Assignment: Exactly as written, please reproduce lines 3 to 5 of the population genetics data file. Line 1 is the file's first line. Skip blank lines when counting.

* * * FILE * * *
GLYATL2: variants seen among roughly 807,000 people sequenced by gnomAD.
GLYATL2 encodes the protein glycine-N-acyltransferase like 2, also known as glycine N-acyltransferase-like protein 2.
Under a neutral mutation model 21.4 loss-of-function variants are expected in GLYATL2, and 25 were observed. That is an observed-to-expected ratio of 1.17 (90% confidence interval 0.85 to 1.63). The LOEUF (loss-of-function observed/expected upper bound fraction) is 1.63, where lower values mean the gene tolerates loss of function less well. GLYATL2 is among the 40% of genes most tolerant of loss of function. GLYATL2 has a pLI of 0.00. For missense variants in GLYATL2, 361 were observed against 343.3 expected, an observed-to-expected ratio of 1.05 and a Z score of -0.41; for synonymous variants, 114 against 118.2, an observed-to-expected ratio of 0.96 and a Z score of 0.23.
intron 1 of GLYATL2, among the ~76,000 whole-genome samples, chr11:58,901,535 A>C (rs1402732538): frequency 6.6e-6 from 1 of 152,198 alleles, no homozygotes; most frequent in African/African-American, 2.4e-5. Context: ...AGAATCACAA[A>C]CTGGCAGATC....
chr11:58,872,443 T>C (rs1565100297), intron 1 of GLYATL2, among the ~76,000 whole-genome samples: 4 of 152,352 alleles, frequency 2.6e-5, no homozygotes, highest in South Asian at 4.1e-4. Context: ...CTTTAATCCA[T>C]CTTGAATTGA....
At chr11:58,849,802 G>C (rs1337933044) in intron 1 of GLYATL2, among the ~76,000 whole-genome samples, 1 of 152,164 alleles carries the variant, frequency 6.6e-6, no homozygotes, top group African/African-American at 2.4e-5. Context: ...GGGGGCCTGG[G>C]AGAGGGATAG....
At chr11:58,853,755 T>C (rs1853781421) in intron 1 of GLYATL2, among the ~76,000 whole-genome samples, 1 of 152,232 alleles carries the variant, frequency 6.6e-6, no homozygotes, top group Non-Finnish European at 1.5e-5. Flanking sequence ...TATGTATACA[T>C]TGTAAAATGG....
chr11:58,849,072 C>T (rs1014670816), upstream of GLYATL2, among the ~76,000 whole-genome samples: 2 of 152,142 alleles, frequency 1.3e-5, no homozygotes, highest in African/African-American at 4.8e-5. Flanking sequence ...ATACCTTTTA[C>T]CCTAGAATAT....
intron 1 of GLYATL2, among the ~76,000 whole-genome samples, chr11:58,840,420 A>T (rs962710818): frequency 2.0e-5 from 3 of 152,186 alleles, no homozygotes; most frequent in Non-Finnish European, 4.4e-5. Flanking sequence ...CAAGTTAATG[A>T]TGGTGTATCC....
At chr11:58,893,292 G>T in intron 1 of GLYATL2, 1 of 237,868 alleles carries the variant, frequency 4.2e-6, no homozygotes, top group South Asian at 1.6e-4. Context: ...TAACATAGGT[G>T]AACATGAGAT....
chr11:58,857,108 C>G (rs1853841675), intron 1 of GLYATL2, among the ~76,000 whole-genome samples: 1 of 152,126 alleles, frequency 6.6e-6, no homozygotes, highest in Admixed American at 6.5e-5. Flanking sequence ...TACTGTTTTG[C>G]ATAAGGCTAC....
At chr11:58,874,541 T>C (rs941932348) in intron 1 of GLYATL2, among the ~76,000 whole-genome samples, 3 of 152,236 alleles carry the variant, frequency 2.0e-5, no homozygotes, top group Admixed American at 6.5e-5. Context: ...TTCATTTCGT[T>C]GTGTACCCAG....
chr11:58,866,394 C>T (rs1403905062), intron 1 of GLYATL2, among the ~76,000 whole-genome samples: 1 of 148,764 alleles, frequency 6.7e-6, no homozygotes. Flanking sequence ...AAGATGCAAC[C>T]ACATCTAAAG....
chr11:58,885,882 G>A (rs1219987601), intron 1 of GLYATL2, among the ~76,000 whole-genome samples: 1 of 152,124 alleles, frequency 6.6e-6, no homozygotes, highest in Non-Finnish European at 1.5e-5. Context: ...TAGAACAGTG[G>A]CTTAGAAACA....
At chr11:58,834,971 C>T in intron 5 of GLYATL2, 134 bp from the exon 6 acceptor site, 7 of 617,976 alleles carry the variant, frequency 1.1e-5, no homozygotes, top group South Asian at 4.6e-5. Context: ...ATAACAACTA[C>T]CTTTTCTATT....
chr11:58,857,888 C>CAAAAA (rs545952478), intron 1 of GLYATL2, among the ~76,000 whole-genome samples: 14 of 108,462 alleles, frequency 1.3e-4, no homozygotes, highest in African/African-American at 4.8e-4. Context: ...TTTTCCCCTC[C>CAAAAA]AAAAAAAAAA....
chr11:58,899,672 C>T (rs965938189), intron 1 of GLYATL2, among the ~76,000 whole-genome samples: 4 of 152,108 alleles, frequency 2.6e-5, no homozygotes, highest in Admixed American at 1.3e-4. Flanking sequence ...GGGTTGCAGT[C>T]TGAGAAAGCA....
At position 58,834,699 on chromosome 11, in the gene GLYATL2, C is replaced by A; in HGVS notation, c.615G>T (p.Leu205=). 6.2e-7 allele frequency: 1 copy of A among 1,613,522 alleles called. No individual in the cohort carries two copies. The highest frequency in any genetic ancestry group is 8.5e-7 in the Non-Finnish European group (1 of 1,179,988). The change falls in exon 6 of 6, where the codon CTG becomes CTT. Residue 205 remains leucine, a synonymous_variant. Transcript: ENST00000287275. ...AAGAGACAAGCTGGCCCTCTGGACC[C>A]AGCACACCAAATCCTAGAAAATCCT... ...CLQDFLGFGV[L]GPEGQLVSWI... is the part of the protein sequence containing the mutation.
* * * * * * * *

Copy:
Under a neutral mutation model 21.4 loss-of-function variants are expected in GLYATL2, and 25 were observed. That is an observed-to-expected ratio of 1.17 (90% confidence interval 0.85 to 1.63). The LOEUF (loss-of-function observed/expected upper bound fraction) is 1.63, where lower values mean the gene tolerates loss of function less well. GLYATL2 is among the 40% of genes most tolerant of loss of function. GLYATL2 has a pLI of 0.00. For missense variants in GLYATL2, 361 were observed against 343.3 expected, an observed-to-expected ratio of 1.05 and a Z score of -0.41; for synonymous variants, 114 against 118.2, an observed-to-expected ratio of 0.96 and a Z score of 0.23.
intron 1 of GLYATL2, among the ~76,000 whole-genome samples, chr11:58,901,535 A>C (rs1402732538): frequency 6.6e-6 from 1 of 152,198 alleles, no homozygotes; most frequent in African/African-American, 2.4e-5. Context: ...AGAATCACAA[A>C]CTGGCAGATC....
chr11:58,872,443 T>C (rs1565100297), intron 1 of GLYATL2, among the ~76,000 whole-genome samples: 4 of 152,352 alleles, frequency 2.6e-5, no homozygotes, highest in South Asian at 4.1e-4. Context: ...CTTTAATCCA[T>C]CTTGAATTGA....